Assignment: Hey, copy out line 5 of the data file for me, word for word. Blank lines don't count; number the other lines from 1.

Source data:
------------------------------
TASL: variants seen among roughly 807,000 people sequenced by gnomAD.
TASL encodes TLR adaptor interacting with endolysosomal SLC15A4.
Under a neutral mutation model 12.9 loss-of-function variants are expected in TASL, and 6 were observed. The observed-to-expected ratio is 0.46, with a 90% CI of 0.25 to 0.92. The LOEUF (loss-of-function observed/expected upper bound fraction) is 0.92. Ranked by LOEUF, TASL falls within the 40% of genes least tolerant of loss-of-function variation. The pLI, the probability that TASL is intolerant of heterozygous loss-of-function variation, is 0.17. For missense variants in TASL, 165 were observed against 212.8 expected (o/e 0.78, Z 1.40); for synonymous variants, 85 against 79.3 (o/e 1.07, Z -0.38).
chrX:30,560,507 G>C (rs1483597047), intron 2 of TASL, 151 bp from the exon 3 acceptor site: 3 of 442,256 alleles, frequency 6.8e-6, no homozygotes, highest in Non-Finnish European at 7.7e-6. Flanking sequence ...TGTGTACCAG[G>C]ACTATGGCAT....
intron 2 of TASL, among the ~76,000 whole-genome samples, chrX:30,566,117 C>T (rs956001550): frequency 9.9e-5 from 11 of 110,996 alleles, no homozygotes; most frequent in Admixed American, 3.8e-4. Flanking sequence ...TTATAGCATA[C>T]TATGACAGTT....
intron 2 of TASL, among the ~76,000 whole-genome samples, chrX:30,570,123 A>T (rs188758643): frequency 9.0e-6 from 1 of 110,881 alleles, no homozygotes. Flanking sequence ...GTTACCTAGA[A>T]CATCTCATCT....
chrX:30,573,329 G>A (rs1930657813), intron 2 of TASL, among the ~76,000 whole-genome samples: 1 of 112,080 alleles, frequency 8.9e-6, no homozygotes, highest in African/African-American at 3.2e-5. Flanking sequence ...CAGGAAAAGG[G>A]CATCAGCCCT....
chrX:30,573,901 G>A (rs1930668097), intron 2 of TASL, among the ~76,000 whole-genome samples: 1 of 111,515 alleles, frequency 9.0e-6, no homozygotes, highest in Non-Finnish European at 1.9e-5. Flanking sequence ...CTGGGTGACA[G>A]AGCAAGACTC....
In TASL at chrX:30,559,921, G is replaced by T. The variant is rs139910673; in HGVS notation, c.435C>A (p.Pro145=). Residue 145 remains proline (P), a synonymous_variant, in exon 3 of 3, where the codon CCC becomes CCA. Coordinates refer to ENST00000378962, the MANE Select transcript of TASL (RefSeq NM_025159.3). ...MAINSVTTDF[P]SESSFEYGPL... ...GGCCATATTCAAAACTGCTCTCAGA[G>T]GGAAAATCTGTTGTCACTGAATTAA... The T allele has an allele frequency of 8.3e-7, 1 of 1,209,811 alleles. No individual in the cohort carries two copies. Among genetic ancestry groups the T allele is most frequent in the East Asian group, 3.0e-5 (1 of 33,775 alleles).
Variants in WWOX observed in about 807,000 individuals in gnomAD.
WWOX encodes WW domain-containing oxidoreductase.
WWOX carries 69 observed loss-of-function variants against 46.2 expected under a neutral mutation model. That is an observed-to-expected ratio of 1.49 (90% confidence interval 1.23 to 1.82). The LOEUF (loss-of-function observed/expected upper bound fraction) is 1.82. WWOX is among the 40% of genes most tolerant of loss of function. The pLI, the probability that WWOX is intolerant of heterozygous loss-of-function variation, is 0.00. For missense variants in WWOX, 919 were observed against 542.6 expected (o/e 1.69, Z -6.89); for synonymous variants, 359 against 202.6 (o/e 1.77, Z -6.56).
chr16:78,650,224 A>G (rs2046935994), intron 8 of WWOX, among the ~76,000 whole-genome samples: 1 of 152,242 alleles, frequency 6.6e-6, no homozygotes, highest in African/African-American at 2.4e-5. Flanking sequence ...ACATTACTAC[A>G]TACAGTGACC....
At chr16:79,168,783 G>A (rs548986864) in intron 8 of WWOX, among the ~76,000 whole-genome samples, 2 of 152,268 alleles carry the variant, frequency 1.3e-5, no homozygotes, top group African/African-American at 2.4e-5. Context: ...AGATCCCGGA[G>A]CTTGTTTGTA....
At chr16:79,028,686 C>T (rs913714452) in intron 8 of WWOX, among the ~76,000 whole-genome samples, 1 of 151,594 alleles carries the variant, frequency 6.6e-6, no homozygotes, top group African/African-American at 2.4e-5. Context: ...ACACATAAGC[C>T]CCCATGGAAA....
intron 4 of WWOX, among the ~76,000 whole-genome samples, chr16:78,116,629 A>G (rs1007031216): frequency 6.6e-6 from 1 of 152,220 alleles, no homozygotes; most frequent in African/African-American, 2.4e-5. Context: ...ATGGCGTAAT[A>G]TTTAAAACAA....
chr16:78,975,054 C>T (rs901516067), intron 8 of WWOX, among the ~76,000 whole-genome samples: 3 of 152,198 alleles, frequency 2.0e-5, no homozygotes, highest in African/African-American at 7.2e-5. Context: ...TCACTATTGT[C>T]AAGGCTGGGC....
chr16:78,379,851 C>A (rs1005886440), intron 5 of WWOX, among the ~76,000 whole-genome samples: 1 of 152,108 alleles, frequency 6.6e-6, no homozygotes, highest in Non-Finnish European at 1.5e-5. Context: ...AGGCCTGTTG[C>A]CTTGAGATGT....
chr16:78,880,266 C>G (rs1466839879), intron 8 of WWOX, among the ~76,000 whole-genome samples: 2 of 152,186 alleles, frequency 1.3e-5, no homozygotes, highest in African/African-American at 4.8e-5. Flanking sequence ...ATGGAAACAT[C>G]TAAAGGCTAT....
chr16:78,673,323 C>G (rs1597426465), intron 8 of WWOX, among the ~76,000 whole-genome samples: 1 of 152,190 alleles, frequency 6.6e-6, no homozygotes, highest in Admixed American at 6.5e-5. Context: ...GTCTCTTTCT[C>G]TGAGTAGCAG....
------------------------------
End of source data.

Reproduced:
intron 2 of TASL, among the ~76,000 whole-genome samples, chrX:30,566,117 C>T (rs956001550): frequency 9.9e-5 from 11 of 110,996 alleles, no homozygotes; most frequent in Admixed American, 3.8e-4. Flanking sequence ...TTATAGCATA[C>T]TATGACAGTT....